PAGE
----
k239

March 25, 2010

Permalink

Hi!!!!! I would be careful about using security software from just anywhere!!!!!! Because it could grab my credit card details and send them to someone in China!!!!!!

Hi!!!!!!!!!! your post is right after my one and this is why i'm thinking that you were addressing it to me!!!!!
Well, what you said is very right and i agree with it!!!!!! This is why i believe that you aren't one (hypocritical), WINDOWS or MAC OSX, user!!!!!!!!! Indeed you are a GNU/LINUX user, and you can try FactorBee too!!!!!! Factorbee is safe because it's open source!!!!!!! Look at the source-code and compile/build it yourself!!!!! along with the source-code, in the same bzip2 package, you'll find the build instructions!!!! bye!!!!! ~bee!!!!!!!!!!!!!

The proxy server is refusing connections

Firefox is configured to use a proxy server that is refusing connections.

* Check the proxy settings to make sure that they are correct.

* Contact your network administrator to make sure the proxy server is
working.

The above is what I get when using this.
Any help?

The proxy server is refusing connections

Firefox is configured to use a proxy server that is refusing connections.

* Check the proxy settings to make sure that they are correct.

* Contact your network administrator to make sure the proxy server is
working.

http://xqz3u5drneuzhaeo.onion/users/mytorideaz/

SUGGESTION: ALERT BRIDGE OPERATORS WHEN THEY ARE GETTING BLOCKED
The current bridge strategy focuses on the TOR-user communication of bridges, and is basically a rationing strategy on user's ability to find out bridges. It works but there's an inbuilt limit on its effectiveness: the adversary typically provides the end user's connection, so can always in principle find out bridges by monitoring traffic.

It would be nice to also try to address this at the bridge provider end. Specifically, can you warn a bridge provider that their bridge is likely being blocked in some locations?

You could add a notification mechanism so when there is evidence a bridge is being systematically blocked in any location, the bridge operator gets a popup warning. A significant fraction of bridge operators will be using ADSL connections where to get a new IP address all they need do is switch the modem off and on again, making the bridge useful again.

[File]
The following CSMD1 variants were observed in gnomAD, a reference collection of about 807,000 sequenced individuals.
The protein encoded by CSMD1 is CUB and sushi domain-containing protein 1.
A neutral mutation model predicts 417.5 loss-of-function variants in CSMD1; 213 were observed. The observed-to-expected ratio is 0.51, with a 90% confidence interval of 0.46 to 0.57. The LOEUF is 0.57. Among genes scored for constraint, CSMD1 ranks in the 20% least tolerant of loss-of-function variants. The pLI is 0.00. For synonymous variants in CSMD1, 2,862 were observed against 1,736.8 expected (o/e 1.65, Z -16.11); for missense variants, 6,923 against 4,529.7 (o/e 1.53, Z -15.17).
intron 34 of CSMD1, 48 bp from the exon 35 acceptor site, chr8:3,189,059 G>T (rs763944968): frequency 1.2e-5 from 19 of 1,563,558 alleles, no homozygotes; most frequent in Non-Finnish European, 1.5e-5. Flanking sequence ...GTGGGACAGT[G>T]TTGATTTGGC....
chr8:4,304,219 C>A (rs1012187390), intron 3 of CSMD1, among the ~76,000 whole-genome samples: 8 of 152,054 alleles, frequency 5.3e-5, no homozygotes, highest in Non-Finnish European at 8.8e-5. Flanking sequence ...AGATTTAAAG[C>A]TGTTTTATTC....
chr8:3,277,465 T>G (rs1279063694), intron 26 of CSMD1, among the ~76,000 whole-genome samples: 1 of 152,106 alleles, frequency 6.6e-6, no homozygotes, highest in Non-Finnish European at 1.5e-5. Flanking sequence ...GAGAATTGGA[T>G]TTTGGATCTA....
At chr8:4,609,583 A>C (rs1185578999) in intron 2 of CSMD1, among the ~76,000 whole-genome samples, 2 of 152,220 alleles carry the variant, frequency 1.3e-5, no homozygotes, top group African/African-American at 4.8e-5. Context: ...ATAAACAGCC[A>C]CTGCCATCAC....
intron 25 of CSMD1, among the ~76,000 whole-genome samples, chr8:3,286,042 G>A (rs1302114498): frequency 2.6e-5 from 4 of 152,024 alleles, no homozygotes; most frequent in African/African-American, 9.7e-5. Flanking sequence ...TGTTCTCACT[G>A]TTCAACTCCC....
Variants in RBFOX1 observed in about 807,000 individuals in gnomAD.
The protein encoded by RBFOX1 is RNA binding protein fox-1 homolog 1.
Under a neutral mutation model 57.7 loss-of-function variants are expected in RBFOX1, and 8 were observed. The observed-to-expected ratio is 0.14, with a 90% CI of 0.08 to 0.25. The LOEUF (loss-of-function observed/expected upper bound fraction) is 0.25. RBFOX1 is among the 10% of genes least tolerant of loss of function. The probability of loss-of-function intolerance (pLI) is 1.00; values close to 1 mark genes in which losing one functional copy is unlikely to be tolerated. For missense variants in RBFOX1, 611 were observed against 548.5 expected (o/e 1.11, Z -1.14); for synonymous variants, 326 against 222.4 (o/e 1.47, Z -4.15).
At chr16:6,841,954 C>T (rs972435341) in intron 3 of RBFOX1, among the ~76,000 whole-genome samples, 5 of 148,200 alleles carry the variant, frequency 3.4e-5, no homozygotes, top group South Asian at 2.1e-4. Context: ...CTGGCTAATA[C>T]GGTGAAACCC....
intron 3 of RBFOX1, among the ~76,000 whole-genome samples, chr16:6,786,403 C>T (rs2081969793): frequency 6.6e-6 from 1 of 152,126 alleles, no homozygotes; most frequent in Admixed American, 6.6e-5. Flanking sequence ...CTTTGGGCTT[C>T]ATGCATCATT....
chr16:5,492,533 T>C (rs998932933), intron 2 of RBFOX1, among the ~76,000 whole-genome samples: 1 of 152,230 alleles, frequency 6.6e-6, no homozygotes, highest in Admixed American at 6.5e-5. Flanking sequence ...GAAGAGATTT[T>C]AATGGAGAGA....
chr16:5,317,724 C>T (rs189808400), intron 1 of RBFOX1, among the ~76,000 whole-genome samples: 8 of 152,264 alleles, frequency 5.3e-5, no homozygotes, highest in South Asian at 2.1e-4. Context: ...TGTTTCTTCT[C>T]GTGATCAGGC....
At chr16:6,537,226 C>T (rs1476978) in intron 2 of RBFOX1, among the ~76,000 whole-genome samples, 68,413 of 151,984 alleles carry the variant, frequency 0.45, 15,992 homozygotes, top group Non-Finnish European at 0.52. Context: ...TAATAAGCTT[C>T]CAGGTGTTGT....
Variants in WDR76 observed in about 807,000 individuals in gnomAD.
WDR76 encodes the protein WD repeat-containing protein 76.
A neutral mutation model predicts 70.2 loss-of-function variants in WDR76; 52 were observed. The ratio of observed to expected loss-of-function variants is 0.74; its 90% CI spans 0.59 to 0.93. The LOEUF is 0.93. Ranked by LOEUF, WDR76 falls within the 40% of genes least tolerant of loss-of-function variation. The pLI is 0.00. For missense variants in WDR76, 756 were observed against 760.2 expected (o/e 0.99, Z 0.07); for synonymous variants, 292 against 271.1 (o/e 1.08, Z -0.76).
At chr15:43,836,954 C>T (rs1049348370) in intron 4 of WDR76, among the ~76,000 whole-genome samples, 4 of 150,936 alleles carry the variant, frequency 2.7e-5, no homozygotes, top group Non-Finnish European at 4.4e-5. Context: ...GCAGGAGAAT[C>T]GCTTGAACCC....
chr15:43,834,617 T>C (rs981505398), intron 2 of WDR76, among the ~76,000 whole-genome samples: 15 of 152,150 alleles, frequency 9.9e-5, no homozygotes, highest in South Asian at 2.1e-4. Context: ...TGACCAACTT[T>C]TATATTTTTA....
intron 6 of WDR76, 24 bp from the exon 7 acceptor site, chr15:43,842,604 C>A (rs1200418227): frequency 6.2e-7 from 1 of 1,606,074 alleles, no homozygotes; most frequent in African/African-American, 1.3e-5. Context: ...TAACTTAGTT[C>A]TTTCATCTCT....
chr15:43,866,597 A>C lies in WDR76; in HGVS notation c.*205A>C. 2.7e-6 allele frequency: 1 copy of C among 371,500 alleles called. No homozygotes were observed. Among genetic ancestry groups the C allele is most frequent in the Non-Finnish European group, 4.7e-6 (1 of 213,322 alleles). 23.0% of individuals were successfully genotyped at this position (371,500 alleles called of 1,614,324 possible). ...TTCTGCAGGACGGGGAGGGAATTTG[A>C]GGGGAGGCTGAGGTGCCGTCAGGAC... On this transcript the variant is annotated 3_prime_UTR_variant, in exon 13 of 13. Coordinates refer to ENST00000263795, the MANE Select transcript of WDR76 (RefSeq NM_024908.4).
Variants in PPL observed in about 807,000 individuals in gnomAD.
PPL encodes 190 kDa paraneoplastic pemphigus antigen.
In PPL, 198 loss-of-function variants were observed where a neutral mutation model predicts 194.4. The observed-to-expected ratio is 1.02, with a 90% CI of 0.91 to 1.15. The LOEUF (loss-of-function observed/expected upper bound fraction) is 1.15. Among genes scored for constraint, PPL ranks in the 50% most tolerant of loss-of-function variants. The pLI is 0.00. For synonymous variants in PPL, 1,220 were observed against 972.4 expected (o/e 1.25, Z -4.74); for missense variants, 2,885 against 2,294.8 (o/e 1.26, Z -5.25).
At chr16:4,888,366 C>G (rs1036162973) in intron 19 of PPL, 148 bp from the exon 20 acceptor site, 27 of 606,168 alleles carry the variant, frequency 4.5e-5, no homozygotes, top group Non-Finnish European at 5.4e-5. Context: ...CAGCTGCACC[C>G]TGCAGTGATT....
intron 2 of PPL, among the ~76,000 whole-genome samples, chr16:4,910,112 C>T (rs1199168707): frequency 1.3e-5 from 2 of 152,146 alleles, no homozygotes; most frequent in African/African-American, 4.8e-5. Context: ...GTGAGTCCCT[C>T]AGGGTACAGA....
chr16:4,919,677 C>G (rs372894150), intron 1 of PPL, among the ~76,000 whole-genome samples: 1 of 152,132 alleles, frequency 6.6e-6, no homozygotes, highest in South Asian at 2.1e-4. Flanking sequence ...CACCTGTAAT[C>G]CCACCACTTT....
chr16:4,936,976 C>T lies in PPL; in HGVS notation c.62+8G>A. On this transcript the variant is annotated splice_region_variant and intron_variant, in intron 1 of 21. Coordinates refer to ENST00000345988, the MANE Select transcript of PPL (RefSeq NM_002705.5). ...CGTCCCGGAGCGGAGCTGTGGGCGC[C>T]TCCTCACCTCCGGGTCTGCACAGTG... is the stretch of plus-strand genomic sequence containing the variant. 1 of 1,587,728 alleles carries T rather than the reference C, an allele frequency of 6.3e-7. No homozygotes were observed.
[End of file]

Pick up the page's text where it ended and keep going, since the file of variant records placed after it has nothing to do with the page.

Two possibilities here:
*The bridge operator's TOR installation itself monitors the number of incoming connections, and when it notices a significant drop from a particular location, pops up an alert.
*A centralized service does the monitoring and informs the bridge operator's TOR installation, which alerts the user.

Is it possible? It would be a useful feature as it would mean that at least some bridges are very very hard to block, and would reduce the fraction of bridges that are dead at any one time. :)

I was going to post a similar suggestion recently when the new blocks arrived but thought I'd wait and see if the Tor team move towards making accessible Tor client users active as bridges by default. I think this might be the better way really. .......................................................................................................................
I agree with the problem though. Running a bridge here I only became aware of the blocks after implementing a particular system that monitors for particular conditions that arrive when a block occurs that I threw together after China initiated the late December blocks. I don't imagine many people would do this though so gather there could be a significant problem with bridge ops not ever becoming aware of restricted access to the service short of them noticing a bandwidth usage drop or something.
.......................................................................................................................